where there are new developments in the power struggle that started with p mohamed morsi's grab for new powers. we're there with details. ayman, we got word there were some considerations there to issue a new koconstitutional declaration of some sort. what can you tell us about all this? >> reporter: sure. it's important to set what triggered these protests two weeks ago, a constitutional declaration by president morsi that was seen as a power grab, gave him sweeping powers through the transitional period. it triggered protests. one of the central demands of the protesters and the opposition to the president has been that he rescind that dec e decree. for the past several days the p president has been trying to figure out a way to kind of minimize the scope of that decree. i has not worked. it has not pleased the opposition. today he met with some of the opposition forces, and what we're learning from egyptian state television, an official government news source, is that the prime minister has suggested that the president is considering a new constitutional declaration and perhaps in l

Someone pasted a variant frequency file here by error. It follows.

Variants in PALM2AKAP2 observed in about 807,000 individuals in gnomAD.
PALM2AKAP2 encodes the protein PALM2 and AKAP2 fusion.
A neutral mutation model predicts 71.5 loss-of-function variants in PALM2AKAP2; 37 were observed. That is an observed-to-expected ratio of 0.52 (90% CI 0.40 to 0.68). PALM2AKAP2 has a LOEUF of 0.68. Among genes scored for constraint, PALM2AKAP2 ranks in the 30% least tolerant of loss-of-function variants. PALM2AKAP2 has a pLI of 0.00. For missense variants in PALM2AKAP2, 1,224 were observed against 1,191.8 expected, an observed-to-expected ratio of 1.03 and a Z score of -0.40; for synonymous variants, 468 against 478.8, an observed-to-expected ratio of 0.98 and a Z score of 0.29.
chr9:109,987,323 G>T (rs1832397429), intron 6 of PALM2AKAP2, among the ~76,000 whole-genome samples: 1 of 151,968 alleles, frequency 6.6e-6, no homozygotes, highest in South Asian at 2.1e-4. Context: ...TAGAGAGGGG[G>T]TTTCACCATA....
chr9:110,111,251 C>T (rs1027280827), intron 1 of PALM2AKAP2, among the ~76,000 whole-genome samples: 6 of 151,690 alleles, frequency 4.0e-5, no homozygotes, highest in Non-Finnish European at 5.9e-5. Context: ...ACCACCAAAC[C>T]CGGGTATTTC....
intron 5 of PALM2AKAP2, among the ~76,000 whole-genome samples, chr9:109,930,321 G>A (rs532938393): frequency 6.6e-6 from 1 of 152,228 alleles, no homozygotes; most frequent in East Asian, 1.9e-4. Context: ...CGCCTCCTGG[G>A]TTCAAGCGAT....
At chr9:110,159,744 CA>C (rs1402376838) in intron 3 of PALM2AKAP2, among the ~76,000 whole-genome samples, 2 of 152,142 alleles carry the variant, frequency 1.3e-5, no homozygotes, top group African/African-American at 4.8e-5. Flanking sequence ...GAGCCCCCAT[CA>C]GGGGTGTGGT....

with egypt's president mohamed morsi. nbc is in cairo on this friday afternoon, friday night there in cairo. before we get to the protestors, sir, i know you have new information about voting on the country's draft constitution. what can you tell us about that? >> reporter: that's right, craig. in fact, breaking news just coming here it to nbc. that is that the vote scheduled to begin tomorrow for all egyptians living abroad. this was a vote on egypt's new draft constitution set to take place at embassies around the world. that vote now has been delayed according to egypt's electoral commission. the reason it's so important is because it is an indication as to the insight perhaps of egypt's president more hhamed m and what's taking place on the streets. protestors demand that president morsi rescind a decree that gave him absolute powers that he issued two weeks ago. also, they wanted to see president morsi delay the vote that was scheduled to take place on december 15th inside the country on this new draft constitution. while he has gone aahead and delayed that vote for egyptians living ab